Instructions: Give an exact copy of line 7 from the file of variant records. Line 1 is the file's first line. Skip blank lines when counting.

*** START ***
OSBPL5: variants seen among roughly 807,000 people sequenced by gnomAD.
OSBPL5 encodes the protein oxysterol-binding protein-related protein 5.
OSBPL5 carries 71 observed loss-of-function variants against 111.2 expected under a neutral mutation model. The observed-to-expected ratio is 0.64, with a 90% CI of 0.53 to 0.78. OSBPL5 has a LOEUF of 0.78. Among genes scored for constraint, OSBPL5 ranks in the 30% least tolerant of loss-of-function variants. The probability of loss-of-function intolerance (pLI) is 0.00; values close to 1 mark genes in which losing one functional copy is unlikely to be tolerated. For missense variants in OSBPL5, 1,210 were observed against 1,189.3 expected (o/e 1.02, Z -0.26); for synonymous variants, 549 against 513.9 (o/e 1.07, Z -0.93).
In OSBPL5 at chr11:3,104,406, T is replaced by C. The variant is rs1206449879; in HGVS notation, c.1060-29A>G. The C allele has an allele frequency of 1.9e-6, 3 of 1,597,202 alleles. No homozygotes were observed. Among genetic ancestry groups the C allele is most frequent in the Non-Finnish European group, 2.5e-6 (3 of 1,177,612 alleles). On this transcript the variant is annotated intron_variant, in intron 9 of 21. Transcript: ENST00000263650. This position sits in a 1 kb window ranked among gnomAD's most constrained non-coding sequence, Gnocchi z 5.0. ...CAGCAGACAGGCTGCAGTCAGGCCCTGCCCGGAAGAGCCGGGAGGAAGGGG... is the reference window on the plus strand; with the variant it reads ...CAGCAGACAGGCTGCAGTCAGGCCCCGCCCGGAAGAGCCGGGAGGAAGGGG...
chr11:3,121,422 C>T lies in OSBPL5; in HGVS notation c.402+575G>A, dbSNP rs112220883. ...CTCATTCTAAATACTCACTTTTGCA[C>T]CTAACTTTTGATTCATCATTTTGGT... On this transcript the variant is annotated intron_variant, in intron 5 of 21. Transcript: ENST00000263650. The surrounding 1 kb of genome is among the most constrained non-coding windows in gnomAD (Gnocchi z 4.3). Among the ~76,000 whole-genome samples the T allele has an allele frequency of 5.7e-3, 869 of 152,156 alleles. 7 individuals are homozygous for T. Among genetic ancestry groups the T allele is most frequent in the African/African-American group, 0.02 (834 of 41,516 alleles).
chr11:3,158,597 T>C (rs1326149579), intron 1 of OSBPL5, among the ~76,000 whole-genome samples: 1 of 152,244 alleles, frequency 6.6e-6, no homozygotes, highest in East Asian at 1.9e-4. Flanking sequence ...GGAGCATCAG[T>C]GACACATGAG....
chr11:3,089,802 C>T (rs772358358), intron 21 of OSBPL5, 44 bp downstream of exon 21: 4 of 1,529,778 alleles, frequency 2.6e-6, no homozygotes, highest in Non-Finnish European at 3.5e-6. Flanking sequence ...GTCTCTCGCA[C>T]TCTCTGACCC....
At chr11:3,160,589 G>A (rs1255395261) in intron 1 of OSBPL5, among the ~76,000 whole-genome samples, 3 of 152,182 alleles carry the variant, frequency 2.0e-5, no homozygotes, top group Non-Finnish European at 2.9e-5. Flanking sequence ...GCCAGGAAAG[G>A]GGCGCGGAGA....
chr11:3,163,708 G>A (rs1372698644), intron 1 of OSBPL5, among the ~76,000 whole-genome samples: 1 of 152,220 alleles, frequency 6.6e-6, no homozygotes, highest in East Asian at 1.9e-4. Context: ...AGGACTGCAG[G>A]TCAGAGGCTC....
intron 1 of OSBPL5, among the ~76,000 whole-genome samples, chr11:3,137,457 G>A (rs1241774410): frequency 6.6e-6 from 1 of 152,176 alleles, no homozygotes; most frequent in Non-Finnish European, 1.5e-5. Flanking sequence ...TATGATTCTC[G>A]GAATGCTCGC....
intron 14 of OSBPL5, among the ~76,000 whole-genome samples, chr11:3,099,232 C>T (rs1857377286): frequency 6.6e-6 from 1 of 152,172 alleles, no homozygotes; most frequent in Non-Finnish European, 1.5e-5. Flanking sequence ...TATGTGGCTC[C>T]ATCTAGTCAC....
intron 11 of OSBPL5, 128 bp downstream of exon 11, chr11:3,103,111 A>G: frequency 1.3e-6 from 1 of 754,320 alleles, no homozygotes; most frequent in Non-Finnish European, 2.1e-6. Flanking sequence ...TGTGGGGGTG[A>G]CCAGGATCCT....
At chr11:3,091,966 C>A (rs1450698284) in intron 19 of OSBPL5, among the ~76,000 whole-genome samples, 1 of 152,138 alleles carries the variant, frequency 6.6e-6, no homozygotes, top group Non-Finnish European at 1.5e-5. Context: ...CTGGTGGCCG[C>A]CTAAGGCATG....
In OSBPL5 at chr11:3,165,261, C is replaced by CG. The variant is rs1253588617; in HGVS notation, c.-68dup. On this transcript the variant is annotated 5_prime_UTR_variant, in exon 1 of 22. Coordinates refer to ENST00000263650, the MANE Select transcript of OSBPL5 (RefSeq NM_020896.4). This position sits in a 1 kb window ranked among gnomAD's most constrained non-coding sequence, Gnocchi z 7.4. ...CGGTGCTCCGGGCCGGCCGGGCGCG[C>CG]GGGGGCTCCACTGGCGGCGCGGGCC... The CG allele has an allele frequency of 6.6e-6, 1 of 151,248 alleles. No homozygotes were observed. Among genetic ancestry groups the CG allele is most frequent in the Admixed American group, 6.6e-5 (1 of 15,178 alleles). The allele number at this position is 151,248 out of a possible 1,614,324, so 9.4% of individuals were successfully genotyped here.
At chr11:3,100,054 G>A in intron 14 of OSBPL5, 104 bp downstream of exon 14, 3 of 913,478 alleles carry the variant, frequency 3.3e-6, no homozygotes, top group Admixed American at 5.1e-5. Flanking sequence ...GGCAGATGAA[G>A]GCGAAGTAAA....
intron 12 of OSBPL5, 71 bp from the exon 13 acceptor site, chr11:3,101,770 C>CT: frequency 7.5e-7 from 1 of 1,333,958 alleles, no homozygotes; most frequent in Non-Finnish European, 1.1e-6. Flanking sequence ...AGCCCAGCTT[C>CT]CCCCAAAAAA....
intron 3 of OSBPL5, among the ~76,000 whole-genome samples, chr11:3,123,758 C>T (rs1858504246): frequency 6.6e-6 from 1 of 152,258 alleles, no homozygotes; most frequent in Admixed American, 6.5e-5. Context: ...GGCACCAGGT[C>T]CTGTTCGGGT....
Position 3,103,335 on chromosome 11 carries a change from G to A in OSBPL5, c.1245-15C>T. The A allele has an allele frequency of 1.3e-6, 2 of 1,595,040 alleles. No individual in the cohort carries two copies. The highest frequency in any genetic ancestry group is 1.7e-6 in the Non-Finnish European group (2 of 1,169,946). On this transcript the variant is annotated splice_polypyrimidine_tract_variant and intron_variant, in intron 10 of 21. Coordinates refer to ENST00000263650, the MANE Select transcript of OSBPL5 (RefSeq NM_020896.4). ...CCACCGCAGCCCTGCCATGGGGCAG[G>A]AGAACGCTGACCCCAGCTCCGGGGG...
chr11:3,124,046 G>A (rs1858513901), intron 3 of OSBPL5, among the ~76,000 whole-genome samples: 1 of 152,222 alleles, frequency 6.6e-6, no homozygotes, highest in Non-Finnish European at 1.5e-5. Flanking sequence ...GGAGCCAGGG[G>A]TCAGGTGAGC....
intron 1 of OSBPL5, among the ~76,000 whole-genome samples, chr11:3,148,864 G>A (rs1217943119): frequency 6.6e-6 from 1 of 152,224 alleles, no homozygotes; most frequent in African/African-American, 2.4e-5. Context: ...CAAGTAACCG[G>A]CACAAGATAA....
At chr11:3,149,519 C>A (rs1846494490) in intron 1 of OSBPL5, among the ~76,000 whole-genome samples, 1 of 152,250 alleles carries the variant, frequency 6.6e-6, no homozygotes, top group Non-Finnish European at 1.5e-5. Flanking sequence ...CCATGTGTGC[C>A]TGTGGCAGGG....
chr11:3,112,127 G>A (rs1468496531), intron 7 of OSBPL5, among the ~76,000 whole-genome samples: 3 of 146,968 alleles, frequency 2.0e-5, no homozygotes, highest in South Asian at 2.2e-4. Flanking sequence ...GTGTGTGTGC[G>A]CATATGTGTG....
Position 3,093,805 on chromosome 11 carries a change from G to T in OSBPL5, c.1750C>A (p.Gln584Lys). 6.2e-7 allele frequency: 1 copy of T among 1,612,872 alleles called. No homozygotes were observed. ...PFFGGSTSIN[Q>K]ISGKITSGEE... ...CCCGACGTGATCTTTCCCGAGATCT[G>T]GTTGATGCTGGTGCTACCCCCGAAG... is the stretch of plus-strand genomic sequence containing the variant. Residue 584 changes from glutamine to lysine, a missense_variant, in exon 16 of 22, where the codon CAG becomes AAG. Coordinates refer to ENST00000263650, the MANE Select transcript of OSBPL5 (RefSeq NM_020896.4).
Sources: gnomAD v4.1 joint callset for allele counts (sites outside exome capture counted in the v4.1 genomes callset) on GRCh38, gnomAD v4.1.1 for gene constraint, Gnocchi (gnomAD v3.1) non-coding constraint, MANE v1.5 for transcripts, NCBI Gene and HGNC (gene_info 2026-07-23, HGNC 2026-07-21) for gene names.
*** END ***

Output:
chr11:3,089,802 C>T (rs772358358), intron 21 of OSBPL5, 44 bp downstream of exon 21: 4 of 1,529,778 alleles, frequency 2.6e-6, no homozygotes, highest in Non-Finnish European at 3.5e-6. Flanking sequence ...GTCTCTCGCA[C>T]TCTCTGACCC....